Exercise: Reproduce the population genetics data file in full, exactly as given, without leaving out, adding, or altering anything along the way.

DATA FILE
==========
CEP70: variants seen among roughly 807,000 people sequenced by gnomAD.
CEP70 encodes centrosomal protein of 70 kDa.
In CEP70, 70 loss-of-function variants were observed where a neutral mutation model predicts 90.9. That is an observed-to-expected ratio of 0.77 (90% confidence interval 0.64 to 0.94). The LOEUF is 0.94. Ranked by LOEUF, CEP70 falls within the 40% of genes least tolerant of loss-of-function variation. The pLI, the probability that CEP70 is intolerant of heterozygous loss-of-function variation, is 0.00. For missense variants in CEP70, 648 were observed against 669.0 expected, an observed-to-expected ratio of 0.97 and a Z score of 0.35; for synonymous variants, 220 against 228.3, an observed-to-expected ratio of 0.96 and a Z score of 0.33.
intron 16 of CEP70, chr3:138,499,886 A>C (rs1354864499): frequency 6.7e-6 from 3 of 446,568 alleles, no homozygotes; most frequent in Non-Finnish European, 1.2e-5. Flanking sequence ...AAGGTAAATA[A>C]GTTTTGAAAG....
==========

CEP70: variants seen among roughly 807,000 people sequenced by gnomAD.
CEP70 encodes centrosomal protein of 70 kDa.
In CEP70, 70 loss-of-function variants were observed where a neutral mutation model predicts 90.9. That is an observed-to-expected ratio of 0.77 (90% confidence interval 0.64 to 0.94). The LOEUF is 0.94. Ranked by LOEUF, CEP70 falls within the 40% of genes least tolerant of loss-of-function variation. The pLI, the probability that CEP70 is intolerant of heterozygous loss-of-function variation, is 0.00. For missense variants in CEP70, 648 were observed against 669.0 expected, an observed-to-expected ratio of 0.97 and a Z score of 0.35; for synonymous variants, 220 against 228.3, an observed-to-expected ratio of 0.96 and a Z score of 0.33.
intron 16 of CEP70, chr3:138,499,886 A>C (rs1354864499): frequency 6.7e-6 from 3 of 446,568 alleles, no homozygotes; most frequent in Non-Finnish European, 1.2e-5. Flanking sequence ...AAGGTAAATA[A>C]GTTTTGAAAG....